A Reflection on Art House Dallas' Five-Year Anniversary Celebration
By Julia Powers
Imagine writers admiring paintings.
Nurses taking to the stage to show their singer-songwriter sides.
Dallasites standing together to sing a sweet, surprising "Stand By Me."
After the five-year anniversary celebration of Art House Dallas, none of this is different to imagine.
On that rainy October night, a grant writer and a graphic designer literally stood by me. For me and countless others in the Dallas arts community, the evening brought to life the mission of Art House Dallas: cultivating creativity for the common good.
The anniversary event crafted a creative environment from start to finish, welcoming artists, amateurs and arts advocates of all genres. When I walked in to the Life in Deep Ellum Cultural Center, the leader of my Art House Dallas writers group greeted me, then pointed out the paintings on the wall (prepared by an Art House Dallas artists!) and introduced me to a novelist.
These are my people, I immediately thought, as I do so often at Art House Dallas events.
And trust me, for someone confined to a computer almost all day, having people is a priceless gift. At a practical level, the people of Art House Dallas provide professional support by answering my questions about how to publish or freelance. At an emotional and spiritual level, these people provide moral support, walking with me through old dreams and new projects, rough drafts and polished pieces.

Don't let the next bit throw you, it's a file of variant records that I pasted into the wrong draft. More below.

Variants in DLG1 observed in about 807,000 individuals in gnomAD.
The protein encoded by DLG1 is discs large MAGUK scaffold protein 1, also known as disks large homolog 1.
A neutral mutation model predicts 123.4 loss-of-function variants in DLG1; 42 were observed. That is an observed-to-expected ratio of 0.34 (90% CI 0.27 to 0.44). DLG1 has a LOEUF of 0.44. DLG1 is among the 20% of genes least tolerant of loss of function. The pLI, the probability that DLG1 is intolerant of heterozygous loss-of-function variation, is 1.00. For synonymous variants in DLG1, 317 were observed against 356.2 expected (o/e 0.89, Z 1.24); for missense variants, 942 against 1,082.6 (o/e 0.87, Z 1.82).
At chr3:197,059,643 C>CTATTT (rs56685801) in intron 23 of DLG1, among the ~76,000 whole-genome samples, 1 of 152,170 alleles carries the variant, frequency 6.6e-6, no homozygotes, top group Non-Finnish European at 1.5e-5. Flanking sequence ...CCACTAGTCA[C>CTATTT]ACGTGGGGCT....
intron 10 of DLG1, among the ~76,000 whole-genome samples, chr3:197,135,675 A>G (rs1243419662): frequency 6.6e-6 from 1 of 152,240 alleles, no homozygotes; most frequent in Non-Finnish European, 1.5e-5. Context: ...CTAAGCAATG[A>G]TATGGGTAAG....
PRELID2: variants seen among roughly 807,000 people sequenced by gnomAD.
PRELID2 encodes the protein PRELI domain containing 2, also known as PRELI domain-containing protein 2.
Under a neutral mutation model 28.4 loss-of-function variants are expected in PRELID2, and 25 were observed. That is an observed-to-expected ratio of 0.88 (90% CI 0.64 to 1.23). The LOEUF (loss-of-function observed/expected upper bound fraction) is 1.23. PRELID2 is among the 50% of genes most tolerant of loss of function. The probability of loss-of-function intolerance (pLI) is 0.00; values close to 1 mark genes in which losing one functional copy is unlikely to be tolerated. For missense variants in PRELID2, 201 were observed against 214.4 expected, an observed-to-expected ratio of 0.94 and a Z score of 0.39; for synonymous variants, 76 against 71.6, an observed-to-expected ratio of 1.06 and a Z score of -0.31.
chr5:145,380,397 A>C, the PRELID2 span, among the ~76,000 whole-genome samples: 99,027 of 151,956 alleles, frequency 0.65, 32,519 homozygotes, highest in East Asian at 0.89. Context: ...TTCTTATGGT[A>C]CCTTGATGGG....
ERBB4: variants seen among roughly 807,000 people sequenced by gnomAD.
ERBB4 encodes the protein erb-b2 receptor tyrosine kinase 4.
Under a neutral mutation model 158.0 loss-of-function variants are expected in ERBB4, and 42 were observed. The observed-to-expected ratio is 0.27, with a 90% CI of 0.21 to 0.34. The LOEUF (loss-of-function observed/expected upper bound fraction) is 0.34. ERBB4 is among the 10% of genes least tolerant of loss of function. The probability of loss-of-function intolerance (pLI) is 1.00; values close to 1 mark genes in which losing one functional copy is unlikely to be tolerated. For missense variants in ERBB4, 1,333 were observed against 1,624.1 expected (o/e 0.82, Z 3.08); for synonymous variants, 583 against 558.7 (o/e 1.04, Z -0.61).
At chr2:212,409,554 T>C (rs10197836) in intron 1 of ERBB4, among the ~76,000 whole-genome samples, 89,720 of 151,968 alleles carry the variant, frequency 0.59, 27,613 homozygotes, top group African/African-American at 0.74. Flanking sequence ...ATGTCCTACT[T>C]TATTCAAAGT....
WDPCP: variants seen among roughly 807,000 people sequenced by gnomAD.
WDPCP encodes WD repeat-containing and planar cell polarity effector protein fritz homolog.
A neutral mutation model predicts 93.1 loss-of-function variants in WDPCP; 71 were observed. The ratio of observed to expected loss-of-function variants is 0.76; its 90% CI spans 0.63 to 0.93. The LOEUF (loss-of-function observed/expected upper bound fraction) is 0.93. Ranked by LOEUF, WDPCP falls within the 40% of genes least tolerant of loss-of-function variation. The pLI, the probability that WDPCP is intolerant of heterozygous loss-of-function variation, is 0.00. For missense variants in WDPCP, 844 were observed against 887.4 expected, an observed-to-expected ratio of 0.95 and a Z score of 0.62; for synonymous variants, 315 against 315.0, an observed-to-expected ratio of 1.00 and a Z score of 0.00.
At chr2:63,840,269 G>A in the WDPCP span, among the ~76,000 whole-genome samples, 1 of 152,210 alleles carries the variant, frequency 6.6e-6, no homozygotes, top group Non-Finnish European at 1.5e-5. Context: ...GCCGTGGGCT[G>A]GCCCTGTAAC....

After some laughter and lemon bars in the lobby, I was ushered in to the concert space. Snagging seats in the back with some creative colleagues, I couldn't help but sit back and feel privileged. In that moment, we were privy to a brief talk and performance by Art House America founder Charlie Peacock, followed by a performance "in the round" from Nashville musicians Brooke Waggoner, Andrew Ripp, and Matt Wertz.
For the Common Good
This was no ordinary concert. When I later tried to convey to friends the unique nature of the Art House Dallas event, one friend said, "I've been to plenty of concerts. What was so special about this one?"
I fell silent, then I said, "It had purpose." It was art for art's sake, yes, but also for the sake of the community, for the sake of a city even.
The musicians sat comfortably on their stools, taking turns and laughing with—and at—one another. They shared the stories behind their songs, and Andrew Ripp told of sharing his songs with Young Life campers, made possible through financial backing from Art House Dallas. They invited audience participation. They made the venue feel like a living room.
And maybe that's what the city of Dallas needs: more living rooms. And not the stuffy kind at Grandma's house, but rather the kind Art House Dallas provides that encourages real, full living—the kind that compels people from all professions and parts of the city to come together for drinks and desserts, stories and songs, to recognize the beauty that (thought we oft forget) is around us and in us
The kind that cultivates creativity for the common good.
Julia Powers is a writer and proud member of an Art House Dallas writers group. You can find her online at www.juliapowersblog.com